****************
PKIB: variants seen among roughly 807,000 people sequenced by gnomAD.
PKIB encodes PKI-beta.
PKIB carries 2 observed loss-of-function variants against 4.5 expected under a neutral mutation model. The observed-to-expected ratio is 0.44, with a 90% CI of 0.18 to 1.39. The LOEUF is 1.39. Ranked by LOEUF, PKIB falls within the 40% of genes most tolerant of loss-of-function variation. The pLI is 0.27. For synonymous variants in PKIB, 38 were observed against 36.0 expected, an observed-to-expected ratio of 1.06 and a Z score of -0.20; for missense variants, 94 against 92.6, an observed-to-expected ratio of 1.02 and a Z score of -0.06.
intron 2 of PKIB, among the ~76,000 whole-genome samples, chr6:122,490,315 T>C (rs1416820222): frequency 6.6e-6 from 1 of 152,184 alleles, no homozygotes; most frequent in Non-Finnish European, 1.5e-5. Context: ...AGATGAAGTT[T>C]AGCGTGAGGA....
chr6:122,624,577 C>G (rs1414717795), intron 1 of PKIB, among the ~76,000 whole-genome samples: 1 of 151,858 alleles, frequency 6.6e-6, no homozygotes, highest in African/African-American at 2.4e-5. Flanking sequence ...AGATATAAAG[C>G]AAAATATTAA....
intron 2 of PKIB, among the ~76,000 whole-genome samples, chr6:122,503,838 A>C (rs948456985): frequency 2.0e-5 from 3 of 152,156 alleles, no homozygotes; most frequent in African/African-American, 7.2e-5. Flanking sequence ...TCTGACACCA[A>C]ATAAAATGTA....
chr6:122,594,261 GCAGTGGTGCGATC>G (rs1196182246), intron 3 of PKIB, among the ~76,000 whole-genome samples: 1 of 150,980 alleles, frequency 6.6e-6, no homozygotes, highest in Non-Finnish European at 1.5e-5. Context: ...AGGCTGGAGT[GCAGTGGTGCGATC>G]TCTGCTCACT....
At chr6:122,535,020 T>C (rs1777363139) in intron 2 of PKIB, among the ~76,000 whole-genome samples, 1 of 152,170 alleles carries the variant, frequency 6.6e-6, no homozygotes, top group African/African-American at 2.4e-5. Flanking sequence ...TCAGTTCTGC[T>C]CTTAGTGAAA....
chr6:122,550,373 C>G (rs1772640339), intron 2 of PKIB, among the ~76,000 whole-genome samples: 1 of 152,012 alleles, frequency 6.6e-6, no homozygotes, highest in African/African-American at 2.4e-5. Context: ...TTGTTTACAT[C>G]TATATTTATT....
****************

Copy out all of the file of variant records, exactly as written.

PKIB: variants seen among roughly 807,000 people sequenced by gnomAD.
PKIB encodes PKI-beta.
PKIB carries 2 observed loss-of-function variants against 4.5 expected under a neutral mutation model. The observed-to-expected ratio is 0.44, with a 90% CI of 0.18 to 1.39. The LOEUF is 1.39. Ranked by LOEUF, PKIB falls within the 40% of genes most tolerant of loss-of-function variation. The pLI is 0.27. For synonymous variants in PKIB, 38 were observed against 36.0 expected, an observed-to-expected ratio of 1.06 and a Z score of -0.20; for missense variants, 94 against 92.6, an observed-to-expected ratio of 1.02 and a Z score of -0.06.
intron 2 of PKIB, among the ~76,000 whole-genome samples, chr6:122,490,315 T>C (rs1416820222): frequency 6.6e-6 from 1 of 152,184 alleles, no homozygotes; most frequent in Non-Finnish European, 1.5e-5. Context: ...AGATGAAGTT[T>C]AGCGTGAGGA....
chr6:122,624,577 C>G (rs1414717795), intron 1 of PKIB, among the ~76,000 whole-genome samples: 1 of 151,858 alleles, frequency 6.6e-6, no homozygotes, highest in African/African-American at 2.4e-5. Flanking sequence ...AGATATAAAG[C>G]AAAATATTAA....
intron 2 of PKIB, among the ~76,000 whole-genome samples, chr6:122,503,838 A>C (rs948456985): frequency 2.0e-5 from 3 of 152,156 alleles, no homozygotes; most frequent in African/African-American, 7.2e-5. Flanking sequence ...TCTGACACCA[A>C]ATAAAATGTA....
chr6:122,594,261 GCAGTGGTGCGATC>G (rs1196182246), intron 3 of PKIB, among the ~76,000 whole-genome samples: 1 of 150,980 alleles, frequency 6.6e-6, no homozygotes, highest in Non-Finnish European at 1.5e-5. Context: ...AGGCTGGAGT[GCAGTGGTGCGATC>G]TCTGCTCACT....
At chr6:122,535,020 T>C (rs1777363139) in intron 2 of PKIB, among the ~76,000 whole-genome samples, 1 of 152,170 alleles carries the variant, frequency 6.6e-6, no homozygotes, top group African/African-American at 2.4e-5. Flanking sequence ...TCAGTTCTGC[T>C]CTTAGTGAAA....
chr6:122,550,373 C>G (rs1772640339), intron 2 of PKIB, among the ~76,000 whole-genome samples: 1 of 152,012 alleles, frequency 6.6e-6, no homozygotes, highest in African/African-American at 2.4e-5. Context: ...TTGTTTACAT[C>G]TATATTTATT....